In the aftermath of the US presidential election, polling guru Nate Silver has been enjoying widespread plaudits having called the outcome in each of the fifty states correctly. However, it’s worth remembering that with the 2010 General Election in the UK, Silver didn’t do quite so well.
In the run up to election day, Silver anticipated heavy losses for Labour, and big gains for the Liberal Democrats. One of his predictions had Nick Clegg’s party with 101 seats — a gain of 39. Of course, what actually happened was that the yellow party lost five seats, in an anticlimactic comedown from “Cleggmania”.
And whilst Labour suffered a bruising defeat, their final total of 258 seats wasn’t quite as bad as Nate Silver had indicated. His doom-mongering calculations had Labour on 214. So there are 44 red MPs feeling very grateful that he wasn’t right.
On his FiveThirtyEight blog, Silver wrote:
“its very hard to see how [Labour] could thread the needle in such a way that the outcome wouldn’t be devastating to them.”
Scrapbook wonders whether “Mystic Nate” can do better in 2015.
Mitt Romney’s prospects in the US elections have taken another blow, with president Obama pulling away in polling. In the 12 national surveys of voting intention published yesterday, the incumbent led by an average of 1.6 percent, gaining ground in all but one:
While Romney still has the chance to win the popular vote, the odds of him securing backing in the electoral college look to be fading, with the statistical model used by leading pollster Nate Silver putting him at just 8.0%:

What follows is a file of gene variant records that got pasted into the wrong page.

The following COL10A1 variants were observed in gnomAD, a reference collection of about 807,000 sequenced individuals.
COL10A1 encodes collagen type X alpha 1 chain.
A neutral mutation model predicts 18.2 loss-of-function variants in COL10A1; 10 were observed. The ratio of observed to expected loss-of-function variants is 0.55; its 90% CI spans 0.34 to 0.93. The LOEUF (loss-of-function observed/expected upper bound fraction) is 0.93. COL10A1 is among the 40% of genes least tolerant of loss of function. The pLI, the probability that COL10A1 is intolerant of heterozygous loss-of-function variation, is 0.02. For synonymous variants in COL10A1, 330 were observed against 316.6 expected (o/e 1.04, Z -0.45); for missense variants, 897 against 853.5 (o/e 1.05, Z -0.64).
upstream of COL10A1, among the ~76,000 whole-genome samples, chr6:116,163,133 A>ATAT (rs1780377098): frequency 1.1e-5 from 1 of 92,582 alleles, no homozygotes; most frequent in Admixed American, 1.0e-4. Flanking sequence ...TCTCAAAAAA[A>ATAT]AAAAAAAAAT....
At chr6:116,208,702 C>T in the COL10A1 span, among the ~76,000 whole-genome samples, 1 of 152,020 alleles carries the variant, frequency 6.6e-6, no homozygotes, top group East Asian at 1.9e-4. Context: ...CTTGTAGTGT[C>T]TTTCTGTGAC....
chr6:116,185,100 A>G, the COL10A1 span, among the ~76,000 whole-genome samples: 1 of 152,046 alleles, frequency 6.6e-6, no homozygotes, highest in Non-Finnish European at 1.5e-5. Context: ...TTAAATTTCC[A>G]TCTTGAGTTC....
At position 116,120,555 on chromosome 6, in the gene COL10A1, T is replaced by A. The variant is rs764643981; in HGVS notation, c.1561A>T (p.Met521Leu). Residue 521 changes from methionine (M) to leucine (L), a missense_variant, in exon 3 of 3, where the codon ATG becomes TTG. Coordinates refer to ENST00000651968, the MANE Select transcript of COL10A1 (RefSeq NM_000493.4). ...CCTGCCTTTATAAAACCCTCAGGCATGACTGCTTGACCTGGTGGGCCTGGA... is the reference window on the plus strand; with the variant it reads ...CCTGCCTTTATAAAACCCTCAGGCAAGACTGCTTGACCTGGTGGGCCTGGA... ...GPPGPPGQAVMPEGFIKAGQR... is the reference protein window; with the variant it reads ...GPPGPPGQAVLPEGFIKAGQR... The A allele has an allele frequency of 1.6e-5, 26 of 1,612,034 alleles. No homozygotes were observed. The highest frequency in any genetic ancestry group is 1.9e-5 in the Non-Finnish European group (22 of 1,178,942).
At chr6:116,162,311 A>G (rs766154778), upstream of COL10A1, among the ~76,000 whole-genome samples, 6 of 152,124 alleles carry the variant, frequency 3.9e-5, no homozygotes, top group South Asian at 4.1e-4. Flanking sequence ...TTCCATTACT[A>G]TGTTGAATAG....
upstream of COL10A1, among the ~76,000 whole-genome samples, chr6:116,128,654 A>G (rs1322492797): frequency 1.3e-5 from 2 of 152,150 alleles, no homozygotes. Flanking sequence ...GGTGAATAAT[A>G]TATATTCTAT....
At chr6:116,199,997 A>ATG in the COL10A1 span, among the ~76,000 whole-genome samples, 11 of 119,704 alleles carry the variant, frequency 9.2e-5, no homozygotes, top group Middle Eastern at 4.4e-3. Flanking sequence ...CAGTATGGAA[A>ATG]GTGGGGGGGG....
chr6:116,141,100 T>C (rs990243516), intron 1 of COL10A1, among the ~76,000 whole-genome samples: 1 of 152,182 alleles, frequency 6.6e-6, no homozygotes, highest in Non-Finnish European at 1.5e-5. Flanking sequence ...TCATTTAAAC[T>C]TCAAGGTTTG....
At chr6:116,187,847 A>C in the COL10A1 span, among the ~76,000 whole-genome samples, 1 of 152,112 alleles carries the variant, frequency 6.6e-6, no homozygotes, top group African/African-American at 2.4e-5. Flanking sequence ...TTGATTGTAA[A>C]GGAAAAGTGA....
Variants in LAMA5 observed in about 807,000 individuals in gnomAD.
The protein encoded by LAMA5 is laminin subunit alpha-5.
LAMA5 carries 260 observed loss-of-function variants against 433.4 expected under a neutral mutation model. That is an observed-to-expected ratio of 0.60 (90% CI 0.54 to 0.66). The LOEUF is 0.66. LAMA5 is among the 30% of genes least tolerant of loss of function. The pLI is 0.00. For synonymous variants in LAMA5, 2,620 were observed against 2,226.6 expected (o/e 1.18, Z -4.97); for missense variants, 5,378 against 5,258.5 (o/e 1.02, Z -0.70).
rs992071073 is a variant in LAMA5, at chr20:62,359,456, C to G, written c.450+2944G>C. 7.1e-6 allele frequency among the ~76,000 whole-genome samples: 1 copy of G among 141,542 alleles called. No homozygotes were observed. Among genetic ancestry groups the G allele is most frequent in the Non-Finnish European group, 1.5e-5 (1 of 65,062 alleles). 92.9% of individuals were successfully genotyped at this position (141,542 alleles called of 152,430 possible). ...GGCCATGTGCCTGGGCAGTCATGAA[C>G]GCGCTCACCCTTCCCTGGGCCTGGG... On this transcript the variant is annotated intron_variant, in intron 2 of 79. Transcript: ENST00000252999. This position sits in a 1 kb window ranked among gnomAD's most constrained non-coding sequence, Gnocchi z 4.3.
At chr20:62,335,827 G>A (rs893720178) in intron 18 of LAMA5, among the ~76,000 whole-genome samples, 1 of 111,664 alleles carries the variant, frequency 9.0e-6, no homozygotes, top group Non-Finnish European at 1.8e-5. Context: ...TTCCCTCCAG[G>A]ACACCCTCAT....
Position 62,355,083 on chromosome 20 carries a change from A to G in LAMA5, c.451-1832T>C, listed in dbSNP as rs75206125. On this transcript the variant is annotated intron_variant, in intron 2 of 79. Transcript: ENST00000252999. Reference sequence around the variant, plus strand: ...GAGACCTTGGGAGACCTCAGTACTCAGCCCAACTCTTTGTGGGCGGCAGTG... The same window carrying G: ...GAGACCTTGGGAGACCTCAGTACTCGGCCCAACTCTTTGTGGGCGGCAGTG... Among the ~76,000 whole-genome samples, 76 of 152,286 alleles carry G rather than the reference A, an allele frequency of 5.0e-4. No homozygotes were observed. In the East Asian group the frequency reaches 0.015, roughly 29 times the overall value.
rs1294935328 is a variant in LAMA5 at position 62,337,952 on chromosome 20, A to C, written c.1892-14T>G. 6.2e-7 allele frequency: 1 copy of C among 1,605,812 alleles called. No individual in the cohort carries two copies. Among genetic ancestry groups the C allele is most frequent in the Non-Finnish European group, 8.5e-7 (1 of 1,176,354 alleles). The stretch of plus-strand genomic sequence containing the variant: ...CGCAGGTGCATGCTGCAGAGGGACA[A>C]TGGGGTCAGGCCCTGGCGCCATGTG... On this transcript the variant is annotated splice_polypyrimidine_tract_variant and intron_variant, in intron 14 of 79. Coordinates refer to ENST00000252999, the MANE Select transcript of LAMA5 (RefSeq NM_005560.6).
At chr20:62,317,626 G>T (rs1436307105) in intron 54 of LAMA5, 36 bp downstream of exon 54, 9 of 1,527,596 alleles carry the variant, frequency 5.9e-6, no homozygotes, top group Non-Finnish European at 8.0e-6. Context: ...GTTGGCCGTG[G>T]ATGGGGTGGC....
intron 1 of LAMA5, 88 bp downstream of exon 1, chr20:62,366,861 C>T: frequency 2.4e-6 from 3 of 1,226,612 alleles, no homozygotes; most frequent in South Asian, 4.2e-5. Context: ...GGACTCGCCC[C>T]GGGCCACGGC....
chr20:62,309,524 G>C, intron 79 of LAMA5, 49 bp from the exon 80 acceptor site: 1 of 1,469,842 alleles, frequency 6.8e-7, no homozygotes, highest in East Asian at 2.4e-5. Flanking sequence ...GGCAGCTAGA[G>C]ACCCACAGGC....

As Jay-Z told a rally in Columbus, Ohio yesterday: “I got 99 problems but a Mitt ain’t one.”
Obama has an almost nine in ten chance of winning the US election. Nate Silver, whose Five Thirty Eight polling blog is published by the New York Times, predicted Obama an 86.3% chance of winning today – up 11.7% since the end of October.
Though the figures from Silver’s model of the electoral college differ from other pollsters, he has form: he correctly predicted 49 out of 50 states in the previous 2008 election and all of the 35 senate races. In a recent blogpost, Silver explained his reason for calling Obama the favourite despite the popular vote seeing a difference of only 2.1%:
“The argument that Mr. Obama isn’t the favorite is the one that requires more finesse. If you take the polls at face value, then the popular vote might be a tossup, but the Electoral College favors Mr. Obama.”
For example, RealClearPolitics have compiled an average of polls from 22nd October to the 4th November and are calling it much closer, with Obama at 47.9 and Romney at 47.4, leaving only a 0.5 gap between them.
Polls close in eastern states from 11pm UK time tomorrow.